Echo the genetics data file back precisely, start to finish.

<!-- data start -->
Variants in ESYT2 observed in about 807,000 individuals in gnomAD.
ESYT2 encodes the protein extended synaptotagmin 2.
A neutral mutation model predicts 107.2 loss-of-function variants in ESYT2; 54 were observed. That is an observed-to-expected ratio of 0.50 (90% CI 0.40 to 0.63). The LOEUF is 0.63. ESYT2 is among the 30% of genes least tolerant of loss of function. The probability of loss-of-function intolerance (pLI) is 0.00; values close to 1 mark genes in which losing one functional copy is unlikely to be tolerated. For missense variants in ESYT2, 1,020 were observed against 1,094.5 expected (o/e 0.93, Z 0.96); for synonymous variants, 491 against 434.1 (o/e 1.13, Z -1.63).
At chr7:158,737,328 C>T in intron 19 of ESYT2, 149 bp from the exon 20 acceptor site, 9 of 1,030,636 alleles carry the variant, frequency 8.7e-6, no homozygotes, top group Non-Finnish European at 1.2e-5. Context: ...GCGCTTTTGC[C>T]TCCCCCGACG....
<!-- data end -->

Variants in ESYT2 observed in about 807,000 individuals in gnomAD.
ESYT2 encodes the protein extended synaptotagmin 2.
A neutral mutation model predicts 107.2 loss-of-function variants in ESYT2; 54 were observed. That is an observed-to-expected ratio of 0.50 (90% CI 0.40 to 0.63). The LOEUF is 0.63. ESYT2 is among the 30% of genes least tolerant of loss of function. The probability of loss-of-function intolerance (pLI) is 0.00; values close to 1 mark genes in which losing one functional copy is unlikely to be tolerated. For missense variants in ESYT2, 1,020 were observed against 1,094.5 expected (o/e 0.93, Z 0.96); for synonymous variants, 491 against 434.1 (o/e 1.13, Z -1.63).
At chr7:158,737,328 C>T in intron 19 of ESYT2, 149 bp from the exon 20 acceptor site, 9 of 1,030,636 alleles carry the variant, frequency 8.7e-6, no homozygotes, top group Non-Finnish European at 1.2e-5. Context: ...GCGCTTTTGC[C>T]TCCCCCGACG....